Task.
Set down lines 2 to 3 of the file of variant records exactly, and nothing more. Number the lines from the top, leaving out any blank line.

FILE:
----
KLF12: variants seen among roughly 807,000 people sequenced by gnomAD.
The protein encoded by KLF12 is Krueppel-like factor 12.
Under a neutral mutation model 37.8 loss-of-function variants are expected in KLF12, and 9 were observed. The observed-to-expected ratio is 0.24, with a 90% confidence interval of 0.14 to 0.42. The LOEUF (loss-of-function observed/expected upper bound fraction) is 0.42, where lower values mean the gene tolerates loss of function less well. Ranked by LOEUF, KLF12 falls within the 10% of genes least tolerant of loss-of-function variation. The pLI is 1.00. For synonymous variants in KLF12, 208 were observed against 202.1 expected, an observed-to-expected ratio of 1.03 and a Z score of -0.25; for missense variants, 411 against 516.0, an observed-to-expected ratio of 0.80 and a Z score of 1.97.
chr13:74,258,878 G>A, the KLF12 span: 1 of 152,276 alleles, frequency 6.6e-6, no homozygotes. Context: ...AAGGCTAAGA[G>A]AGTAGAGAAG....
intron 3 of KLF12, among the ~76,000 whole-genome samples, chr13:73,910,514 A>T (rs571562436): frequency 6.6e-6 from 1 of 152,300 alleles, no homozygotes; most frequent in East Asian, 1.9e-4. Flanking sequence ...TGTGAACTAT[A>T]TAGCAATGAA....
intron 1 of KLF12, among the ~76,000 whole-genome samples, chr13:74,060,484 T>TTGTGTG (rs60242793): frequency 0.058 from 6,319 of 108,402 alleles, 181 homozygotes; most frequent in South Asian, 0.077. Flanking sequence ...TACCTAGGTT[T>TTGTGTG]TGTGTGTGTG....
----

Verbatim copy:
The protein encoded by KLF12 is Krueppel-like factor 12.
Under a neutral mutation model 37.8 loss-of-function variants are expected in KLF12, and 9 were observed. The observed-to-expected ratio is 0.24, with a 90% confidence interval of 0.14 to 0.42. The LOEUF (loss-of-function observed/expected upper bound fraction) is 0.42, where lower values mean the gene tolerates loss of function less well. Ranked by LOEUF, KLF12 falls within the 10% of genes least tolerant of loss-of-function variation. The pLI is 1.00. For synonymous variants in KLF12, 208 were observed against 202.1 expected, an observed-to-expected ratio of 1.03 and a Z score of -0.25; for missense variants, 411 against 516.0, an observed-to-expected ratio of 0.80 and a Z score of 1.97.